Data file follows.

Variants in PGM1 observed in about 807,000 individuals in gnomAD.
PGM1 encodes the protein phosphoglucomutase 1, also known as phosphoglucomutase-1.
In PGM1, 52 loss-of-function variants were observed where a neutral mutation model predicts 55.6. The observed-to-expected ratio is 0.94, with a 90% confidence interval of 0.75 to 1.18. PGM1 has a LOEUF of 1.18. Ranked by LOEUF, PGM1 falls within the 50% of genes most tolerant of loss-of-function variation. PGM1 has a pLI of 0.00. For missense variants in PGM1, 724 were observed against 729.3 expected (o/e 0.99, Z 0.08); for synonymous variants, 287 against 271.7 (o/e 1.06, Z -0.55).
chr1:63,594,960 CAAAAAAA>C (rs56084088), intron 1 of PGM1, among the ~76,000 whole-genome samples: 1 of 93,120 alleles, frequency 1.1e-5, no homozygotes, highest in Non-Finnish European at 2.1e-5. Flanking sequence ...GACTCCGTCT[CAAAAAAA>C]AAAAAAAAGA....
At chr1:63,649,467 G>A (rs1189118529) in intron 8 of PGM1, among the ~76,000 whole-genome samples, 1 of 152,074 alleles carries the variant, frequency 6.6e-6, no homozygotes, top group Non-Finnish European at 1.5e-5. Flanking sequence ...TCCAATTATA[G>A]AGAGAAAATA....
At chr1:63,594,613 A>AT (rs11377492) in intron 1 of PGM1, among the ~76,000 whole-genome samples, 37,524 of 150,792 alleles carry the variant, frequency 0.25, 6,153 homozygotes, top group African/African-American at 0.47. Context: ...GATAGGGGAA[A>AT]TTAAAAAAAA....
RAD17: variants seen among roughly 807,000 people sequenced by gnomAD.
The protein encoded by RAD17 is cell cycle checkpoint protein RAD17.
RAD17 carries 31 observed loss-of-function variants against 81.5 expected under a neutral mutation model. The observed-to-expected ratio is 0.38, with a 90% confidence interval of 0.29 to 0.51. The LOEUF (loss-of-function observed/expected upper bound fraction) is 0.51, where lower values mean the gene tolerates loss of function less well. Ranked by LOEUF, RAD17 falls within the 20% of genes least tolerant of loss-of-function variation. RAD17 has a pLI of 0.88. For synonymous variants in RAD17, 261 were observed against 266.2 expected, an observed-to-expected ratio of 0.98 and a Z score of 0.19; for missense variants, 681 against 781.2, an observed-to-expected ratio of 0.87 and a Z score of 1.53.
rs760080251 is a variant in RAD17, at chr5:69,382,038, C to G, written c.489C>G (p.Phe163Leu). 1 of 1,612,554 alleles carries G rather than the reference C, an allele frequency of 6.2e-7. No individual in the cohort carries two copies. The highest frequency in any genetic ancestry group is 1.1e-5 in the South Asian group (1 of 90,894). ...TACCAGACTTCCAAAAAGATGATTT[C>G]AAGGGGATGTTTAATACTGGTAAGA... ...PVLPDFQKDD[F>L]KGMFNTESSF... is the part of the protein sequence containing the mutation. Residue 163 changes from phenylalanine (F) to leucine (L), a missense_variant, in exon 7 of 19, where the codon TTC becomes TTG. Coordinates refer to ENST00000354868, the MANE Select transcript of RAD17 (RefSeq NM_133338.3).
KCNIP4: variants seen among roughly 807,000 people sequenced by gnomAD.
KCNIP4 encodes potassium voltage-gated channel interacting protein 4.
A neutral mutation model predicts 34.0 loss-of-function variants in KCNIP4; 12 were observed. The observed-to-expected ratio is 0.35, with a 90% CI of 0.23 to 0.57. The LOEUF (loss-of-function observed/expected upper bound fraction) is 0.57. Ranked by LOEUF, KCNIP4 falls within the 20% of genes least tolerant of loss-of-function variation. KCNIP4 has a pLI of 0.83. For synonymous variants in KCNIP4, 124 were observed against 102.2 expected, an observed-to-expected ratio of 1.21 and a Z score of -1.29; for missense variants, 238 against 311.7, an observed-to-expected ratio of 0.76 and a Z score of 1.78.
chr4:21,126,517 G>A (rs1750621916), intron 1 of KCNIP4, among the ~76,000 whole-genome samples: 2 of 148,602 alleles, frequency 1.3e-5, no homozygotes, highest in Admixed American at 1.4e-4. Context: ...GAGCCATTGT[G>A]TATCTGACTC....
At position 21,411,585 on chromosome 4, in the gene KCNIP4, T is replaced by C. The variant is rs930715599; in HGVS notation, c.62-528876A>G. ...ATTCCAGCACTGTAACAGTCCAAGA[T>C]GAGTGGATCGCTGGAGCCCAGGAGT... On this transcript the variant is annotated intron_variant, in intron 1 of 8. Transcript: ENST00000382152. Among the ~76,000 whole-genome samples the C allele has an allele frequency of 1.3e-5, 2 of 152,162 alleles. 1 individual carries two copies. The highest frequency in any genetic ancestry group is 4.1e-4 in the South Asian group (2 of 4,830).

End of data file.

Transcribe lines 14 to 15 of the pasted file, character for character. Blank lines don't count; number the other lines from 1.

chr4:21,126,517 G>A (rs1750621916), intron 1 of KCNIP4, among the ~76,000 whole-genome samples: 2 of 148,602 alleles, frequency 1.3e-5, no homozygotes, highest in Admixed American at 1.4e-4. Context: ...GAGCCATTGT[G>A]TATCTGACTC....
At position 21,411,585 on chromosome 4, in the gene KCNIP4, T is replaced by C. The variant is rs930715599; in HGVS notation, c.62-528876A>G. ...ATTCCAGCACTGTAACAGTCCAAGA[T>C]GAGTGGATCGCTGGAGCCCAGGAGT... On this transcript the variant is annotated intron_variant, in intron 1 of 8. Transcript: ENST00000382152. Among the ~76,000 whole-genome samples the C allele has an allele frequency of 1.3e-5, 2 of 152,162 alleles. 1 individual carries two copies. The highest frequency in any genetic ancestry group is 4.1e-4 in the South Asian group (2 of 4,830).